To soak or not to soak? That is the question.
Soaking is a sub-variation of the washed process; and although it itself has many sub-variations the basic concept remains the same. Once the coffee has been washed, instead of going directly to the patios, it is soaked in clean water roughly overnight and is then moved to the patios to dry. Although it involves much more work to perform soaked coffees in comparison to the regular washed coffees; the benefits are almost certainly worth the extra work. The benefits are mainly the cleaner cup it produces, extended shelf life of the coffee and a much more vibrant acidity. This vibrant acidity can show a resemblence to East African washed coffees. Many countries in East Africa employ soaked methods for their washed coffees, and may be a possible explenation as to why the profiles can be similar.
(Left Image shows a soaked Pacamara drying)
The main benefit of the soaked coffees is undoubtedly the extended shelf life. While naturals, may last 6-8 months at best, soaked coffees can easily last 12 months. However, soaked coffees can taste quite ‘closed’ and flat a few months after shipment, but as time goes by and the coffee ages, the characteristics and acidity of the coffee can open up. When they do open up however, they reveal a very interesting and unique profile, uncommon to Central America. This may prove to be a bit more difficult to buy Soaked coffees at origin, as the potential and profile of the coffees may not be fully clear until a few months later when the coffee has already been shipped.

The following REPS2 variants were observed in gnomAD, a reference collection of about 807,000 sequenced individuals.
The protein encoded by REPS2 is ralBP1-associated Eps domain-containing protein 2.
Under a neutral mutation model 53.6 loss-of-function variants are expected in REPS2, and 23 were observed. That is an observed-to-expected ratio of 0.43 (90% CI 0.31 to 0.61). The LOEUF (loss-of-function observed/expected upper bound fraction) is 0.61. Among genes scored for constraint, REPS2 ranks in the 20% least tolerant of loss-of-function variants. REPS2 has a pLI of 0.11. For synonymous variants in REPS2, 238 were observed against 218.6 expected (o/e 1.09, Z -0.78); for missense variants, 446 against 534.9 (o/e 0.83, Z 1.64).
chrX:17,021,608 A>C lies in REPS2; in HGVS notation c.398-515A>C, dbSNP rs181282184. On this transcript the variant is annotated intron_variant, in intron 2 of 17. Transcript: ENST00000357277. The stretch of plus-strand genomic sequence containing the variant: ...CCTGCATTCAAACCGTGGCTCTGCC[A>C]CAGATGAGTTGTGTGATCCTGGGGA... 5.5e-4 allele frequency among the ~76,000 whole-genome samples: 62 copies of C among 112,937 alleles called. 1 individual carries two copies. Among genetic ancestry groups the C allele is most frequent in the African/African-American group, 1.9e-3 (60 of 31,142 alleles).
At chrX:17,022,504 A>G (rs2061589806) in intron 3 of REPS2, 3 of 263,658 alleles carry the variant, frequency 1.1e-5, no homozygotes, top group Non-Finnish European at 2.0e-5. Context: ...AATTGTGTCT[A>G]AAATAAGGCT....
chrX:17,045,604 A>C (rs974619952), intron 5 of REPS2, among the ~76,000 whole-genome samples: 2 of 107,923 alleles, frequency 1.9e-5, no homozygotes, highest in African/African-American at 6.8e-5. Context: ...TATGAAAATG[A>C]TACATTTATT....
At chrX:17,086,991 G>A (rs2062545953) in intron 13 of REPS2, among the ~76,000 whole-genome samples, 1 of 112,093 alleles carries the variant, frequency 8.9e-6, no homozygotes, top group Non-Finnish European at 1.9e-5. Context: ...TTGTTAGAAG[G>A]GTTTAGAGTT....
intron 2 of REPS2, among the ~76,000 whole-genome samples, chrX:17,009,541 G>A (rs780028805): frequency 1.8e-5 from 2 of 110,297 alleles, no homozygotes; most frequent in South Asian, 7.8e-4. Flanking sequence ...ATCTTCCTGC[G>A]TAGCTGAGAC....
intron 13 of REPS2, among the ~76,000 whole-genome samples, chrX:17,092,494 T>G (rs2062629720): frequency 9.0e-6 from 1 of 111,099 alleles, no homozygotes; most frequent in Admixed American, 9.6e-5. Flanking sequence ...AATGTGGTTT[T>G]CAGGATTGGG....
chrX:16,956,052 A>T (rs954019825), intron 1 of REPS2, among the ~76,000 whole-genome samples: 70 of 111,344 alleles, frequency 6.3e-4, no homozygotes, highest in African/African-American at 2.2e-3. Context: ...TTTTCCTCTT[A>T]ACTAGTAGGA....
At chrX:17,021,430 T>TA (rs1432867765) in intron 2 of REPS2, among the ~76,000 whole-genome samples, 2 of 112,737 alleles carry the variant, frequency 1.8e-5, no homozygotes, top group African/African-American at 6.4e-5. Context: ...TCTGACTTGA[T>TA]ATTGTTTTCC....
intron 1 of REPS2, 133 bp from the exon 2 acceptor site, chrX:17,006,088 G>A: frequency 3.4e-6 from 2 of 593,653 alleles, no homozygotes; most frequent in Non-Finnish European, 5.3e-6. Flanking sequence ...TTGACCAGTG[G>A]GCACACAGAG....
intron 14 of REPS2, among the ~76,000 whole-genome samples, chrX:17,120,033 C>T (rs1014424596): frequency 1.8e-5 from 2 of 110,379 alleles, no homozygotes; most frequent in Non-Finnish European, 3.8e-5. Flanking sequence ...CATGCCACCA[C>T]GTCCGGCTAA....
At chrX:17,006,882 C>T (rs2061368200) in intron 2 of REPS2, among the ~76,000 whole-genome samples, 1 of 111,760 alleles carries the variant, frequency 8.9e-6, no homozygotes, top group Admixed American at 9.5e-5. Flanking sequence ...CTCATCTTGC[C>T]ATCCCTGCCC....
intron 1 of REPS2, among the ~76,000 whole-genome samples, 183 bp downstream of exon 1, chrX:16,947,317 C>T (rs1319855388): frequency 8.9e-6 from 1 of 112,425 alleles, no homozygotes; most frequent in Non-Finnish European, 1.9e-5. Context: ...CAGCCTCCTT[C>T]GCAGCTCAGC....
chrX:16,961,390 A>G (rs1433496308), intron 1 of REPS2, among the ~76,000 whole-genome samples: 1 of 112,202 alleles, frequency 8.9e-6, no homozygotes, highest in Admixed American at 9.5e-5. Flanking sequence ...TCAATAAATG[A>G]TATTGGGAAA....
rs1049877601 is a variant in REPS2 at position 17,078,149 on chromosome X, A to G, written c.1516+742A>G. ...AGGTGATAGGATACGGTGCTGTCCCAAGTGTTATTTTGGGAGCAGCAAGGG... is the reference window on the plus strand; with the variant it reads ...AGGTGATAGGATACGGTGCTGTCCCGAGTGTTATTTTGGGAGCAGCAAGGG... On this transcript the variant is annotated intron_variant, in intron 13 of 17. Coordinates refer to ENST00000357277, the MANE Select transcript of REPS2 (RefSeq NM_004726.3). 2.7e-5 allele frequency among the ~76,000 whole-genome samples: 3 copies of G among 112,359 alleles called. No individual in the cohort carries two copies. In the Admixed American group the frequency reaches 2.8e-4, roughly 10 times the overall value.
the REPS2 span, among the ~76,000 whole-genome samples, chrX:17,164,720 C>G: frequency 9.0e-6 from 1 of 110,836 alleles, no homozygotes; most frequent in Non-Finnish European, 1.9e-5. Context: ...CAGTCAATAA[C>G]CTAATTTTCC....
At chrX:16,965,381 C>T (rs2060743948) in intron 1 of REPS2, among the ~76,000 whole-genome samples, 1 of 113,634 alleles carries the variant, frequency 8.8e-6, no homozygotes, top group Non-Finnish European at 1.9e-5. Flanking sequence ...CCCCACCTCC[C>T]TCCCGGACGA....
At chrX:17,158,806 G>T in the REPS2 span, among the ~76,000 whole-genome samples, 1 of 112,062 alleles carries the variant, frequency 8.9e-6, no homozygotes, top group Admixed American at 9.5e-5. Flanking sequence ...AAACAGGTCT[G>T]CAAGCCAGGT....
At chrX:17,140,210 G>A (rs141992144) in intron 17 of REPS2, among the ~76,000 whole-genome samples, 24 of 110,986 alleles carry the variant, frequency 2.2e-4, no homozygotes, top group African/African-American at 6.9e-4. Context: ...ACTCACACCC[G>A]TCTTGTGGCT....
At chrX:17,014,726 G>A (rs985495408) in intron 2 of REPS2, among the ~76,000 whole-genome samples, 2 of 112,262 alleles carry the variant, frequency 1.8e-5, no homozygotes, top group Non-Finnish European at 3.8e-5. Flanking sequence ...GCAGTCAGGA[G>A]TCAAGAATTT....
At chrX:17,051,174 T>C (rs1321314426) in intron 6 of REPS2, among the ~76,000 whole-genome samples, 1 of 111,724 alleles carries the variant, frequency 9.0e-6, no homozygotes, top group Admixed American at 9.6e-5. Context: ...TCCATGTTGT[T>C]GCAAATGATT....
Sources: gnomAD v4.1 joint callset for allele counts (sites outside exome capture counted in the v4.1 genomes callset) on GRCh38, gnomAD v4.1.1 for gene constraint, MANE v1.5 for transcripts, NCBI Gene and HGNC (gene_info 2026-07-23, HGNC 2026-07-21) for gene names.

During my last trip to Las Cruces, I was offered by the quality control team to cup a few coffees they had laid out for me. As I got to the end of a few rounds, the QC manager asked me how I liked one of the Soaked Pacamaras he had laid out. I said I had liked it just fine, it was nice, very bright and clean. He then revealed that the Soaked Pacamara was an old crop, from the last harvest. The fact that thee coffee was so 'solid' well rounded, bright and clean would have never revealed to me that it was an old crop coffee.
(Left Picture shows, a tub of washed coffee being soaked with water, to undergo the soaked process)
The quality and profile of the soaked coffee, was even universal amongst different varieties. All three varieties (Caturra, Bourbon, Pacamara) that I tried stood out on the table, not just for their delicate body, but for their complex citric acidity. Ranging from softer to more intense critics, it was common to find Mandarin, Orange and Clementine in the cup. This profile is quite different from the typical Washed Bourbon profile of heavier bodies with a softer more balanced acidity.
These coffees can make an excellent addition to any roaster’s lineup. They’re approachable but also quite different from traditional washed coffees from Central America. Their unique profile and extended shelf life, can help roasters plan further ahead into the future. Their unique profile serves best on single origin filter offerings and filter blends, as filter methods better allow their complexity and acidity to show.